Successful small business owners know how to get a business off the ground, but what comes next? Expanding a business takes time and money and can surely test one’s patience.
Due to the risky nature of expansion, many small business owners envision the concept to be especially daunting. Specifically, having managed to crack the code once, the possible disruption a new venture could take on their everyday activities can feel like a risky bet.
Multi-location businesses certainly weren’t built in a matter of days; it took time, strategic planning, patience, and determination. Once a business reaches a certain level of success, it might be time to take the next step, but you’ve got a lot to consider.
The idea of expanding doesn’t need to instill fear. Instead, it can be exciting and fulfilling, if done properly. If you’re ready to grow, or even thought about what that could look like in the future, here are some things to consider that will help you reach your goal.
Develop an Organized Approach
Where do you go first? Every new location you consider conducting business has their own set of distinctions—even if subtle. Some many be cultural distinctions while others might be city and/or state laws and regulations. All too often, the balancing act of adapting to new markets without sacrificing the key pillars of a business’ existing identity aren’t considered carefully enough when small businesses attempt expansion.
In order to successfully navigate the expansion into a new market, business owners should create one, cohesive business plan that identifies individual, local strategies that remain in sync with their overall objectives and brand identity. Cater to local markets, but remain consistent in your messaging, overall plan, and goals.
If you’re going to be expand your business to another state or city, there will inevitably be a learning curve and the possibility of unforeseen issues. Being sensitive to these differences will help you to gain the trust of locals.
Build and nurture close relationships with established, local businesses. This way, you’ll be able to have a better lay of the land and identify ways to stay competitive. Take advantage of those around you for learning and developing strategic partnerships, which could open the door to future opportunities.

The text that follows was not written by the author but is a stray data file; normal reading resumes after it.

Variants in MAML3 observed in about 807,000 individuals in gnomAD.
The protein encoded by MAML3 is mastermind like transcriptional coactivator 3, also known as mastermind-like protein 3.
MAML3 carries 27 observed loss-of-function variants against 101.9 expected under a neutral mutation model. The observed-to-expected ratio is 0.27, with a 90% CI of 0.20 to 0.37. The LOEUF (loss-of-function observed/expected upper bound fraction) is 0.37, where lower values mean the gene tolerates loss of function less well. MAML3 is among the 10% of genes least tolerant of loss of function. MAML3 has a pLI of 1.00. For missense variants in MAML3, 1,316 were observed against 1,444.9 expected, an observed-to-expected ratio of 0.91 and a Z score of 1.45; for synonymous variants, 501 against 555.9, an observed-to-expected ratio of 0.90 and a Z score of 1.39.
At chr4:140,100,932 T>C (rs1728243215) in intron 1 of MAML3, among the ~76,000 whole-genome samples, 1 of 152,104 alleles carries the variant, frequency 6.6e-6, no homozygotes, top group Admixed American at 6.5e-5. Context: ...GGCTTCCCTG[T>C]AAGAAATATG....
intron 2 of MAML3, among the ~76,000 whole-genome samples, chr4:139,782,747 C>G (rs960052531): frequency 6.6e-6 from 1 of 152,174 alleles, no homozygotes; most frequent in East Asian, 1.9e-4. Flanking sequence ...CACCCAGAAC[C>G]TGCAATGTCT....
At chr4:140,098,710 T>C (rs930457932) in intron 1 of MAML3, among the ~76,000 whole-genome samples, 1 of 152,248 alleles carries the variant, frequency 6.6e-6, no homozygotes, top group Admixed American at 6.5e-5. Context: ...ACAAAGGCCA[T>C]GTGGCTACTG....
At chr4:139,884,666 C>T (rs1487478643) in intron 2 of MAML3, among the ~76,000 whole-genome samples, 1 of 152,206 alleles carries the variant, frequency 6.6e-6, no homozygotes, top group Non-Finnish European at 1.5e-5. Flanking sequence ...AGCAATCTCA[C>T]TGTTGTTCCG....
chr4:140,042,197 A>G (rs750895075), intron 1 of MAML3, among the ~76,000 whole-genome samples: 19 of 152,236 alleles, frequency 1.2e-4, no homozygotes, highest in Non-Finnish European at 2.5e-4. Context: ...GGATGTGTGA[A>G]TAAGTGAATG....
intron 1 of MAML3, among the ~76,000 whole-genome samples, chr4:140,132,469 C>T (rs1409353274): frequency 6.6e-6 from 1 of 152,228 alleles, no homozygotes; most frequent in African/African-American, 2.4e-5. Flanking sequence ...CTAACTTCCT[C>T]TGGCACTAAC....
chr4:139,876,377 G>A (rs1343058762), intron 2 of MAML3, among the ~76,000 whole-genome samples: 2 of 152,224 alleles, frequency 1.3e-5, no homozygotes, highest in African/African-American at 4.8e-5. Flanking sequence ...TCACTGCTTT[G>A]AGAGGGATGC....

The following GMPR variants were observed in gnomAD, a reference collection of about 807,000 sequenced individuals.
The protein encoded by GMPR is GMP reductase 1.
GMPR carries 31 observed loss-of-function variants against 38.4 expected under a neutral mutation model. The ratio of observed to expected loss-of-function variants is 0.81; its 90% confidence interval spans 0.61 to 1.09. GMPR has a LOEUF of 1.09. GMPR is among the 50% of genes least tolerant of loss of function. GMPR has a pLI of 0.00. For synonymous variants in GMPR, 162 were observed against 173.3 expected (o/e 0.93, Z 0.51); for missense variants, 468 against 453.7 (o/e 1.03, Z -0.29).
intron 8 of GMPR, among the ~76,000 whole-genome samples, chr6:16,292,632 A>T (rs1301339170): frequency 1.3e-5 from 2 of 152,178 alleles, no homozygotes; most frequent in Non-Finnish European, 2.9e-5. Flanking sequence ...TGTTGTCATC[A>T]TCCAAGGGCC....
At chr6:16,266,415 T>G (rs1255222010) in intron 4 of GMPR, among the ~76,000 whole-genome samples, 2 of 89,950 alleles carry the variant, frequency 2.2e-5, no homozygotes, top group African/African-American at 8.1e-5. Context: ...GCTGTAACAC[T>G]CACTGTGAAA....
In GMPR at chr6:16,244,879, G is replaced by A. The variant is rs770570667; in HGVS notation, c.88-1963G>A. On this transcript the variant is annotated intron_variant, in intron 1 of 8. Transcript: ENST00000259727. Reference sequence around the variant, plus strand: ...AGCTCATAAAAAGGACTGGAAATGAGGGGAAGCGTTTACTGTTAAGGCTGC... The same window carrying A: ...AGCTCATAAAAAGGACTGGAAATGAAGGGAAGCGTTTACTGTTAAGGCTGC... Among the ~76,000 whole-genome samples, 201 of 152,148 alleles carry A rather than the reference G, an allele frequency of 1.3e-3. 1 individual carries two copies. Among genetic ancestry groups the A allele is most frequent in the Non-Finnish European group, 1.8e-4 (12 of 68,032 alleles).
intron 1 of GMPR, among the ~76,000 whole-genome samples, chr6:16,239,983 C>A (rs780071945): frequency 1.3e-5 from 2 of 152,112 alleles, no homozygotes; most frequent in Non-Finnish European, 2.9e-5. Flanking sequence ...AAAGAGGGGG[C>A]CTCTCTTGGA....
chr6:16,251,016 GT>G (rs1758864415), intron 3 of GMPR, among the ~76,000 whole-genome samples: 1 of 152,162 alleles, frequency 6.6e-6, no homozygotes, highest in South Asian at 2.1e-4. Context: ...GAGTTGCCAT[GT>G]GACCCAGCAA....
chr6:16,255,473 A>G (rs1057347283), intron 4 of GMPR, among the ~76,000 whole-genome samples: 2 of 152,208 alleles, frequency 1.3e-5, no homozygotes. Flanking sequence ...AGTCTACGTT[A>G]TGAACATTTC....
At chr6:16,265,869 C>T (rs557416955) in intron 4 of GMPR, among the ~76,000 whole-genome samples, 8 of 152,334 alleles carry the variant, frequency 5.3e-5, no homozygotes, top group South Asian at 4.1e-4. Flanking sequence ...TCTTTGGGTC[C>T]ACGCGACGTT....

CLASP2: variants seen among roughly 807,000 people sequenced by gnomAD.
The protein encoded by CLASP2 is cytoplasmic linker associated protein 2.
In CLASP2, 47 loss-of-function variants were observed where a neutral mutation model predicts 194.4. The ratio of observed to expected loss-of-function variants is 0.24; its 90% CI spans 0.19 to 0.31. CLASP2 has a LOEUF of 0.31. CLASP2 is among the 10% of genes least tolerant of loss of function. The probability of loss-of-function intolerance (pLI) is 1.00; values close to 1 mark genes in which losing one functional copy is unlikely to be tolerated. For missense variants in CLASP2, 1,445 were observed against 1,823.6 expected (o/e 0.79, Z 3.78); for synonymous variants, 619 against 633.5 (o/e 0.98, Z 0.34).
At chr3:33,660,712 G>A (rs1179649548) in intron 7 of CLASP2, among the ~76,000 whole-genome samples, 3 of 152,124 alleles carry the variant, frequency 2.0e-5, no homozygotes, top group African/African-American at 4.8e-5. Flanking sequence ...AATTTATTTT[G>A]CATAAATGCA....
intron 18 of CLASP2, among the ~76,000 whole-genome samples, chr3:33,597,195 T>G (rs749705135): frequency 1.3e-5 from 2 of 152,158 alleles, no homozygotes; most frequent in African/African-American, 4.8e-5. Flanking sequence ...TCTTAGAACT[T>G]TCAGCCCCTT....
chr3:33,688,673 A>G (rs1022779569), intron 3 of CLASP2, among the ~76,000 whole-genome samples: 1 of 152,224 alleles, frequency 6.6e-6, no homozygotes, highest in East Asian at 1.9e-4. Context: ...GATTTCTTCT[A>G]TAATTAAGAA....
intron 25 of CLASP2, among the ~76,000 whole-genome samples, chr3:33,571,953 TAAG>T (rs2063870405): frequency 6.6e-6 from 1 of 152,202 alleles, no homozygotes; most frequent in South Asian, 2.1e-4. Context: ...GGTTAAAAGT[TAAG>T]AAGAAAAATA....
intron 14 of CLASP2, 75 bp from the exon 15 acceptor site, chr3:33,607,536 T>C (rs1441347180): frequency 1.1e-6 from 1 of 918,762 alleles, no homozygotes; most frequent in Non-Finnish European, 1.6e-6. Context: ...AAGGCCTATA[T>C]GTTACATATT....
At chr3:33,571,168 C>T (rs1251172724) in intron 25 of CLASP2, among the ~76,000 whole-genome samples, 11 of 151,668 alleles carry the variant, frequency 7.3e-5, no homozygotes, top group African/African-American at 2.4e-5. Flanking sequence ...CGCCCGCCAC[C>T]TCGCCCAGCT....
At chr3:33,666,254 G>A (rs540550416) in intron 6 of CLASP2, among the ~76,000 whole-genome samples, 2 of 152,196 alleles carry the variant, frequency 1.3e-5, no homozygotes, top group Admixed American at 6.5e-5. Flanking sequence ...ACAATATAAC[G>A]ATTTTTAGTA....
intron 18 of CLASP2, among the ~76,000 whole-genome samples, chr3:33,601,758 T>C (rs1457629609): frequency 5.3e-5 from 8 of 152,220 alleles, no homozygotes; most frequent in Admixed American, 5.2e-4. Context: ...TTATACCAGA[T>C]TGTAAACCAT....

Identify and Appeal to Local Markets
Going into unfamiliar or new territory isn’t easy, and not every one them will be right for your business. Especially in your initial expansion, you’ll need to identify which markets make the most sense. As you grow, you’ll learn a lot about your business. What worked in your first location might not work everywhere else.
You’ll need to refine the way you operate on a larger scale and leverage that information to determine which locations will provide the most ROI. Some locations might be outliers, but through identifying what works across multiple locations, you can better understand where there is a need for the service you provide or product you produce in the future.
Diversify Your Business
How can you stand apart from your competitors? Finding a way to make your company and/or product stand out is an excellent way to increase sales and profit margins. Are you able to offer a complimentary service or product or run a promotion?
Consider branching out with regard to different locations. For example, if you’re a clothing retailer you may offer a different selection of a similar line of outerwear accessories on the East Coast versus the West Coast. Think about who your customers are and what would be beneficial for them based on the surrounding elements.
Measure Your Success
You may wonder how you’ll be able to effectively measure the level of success and how to ensure the same standards of success are being met across multiple locations. It’s crucial to use technology and systems that encourage a high-touch experience, as well as ensuring the right people are managing these systems.
When selecting people to represent your company, bring in well-versed and proven executives as you initially build from the local team. They can establish key goals and objectives and then formulate a team that will be fit the company’s needs.
Growing your business is a full time investment, not only professionally, but on a personal level as well. You’ve got to properly research, vet out what is best for your business, weigh the pros and cons, and take risks; it’s not easy.
Working at Revel over the past several years, I’ve seen small businesses successfully grow into larger operations. Our POS platform has helped businesses realize their full potential, which is one of our goals.
I know it can be done, but it’s important to remember timing must be right, and the business owner needs to be ready. Take Revel client Sliderz for example, they were a single-location business that now has expanded to 100 locations. Sliderz had a vision and they were able to successfully grow their business. It’s just one example of many businesses that have expanded
By following some of the guidelines outlined here, you’ll be on your way to a bigger and brighter future. That is, if you want it badly enough.
Contributed by Bobby Marhamat, Revel Systems Chief Revenue Officer.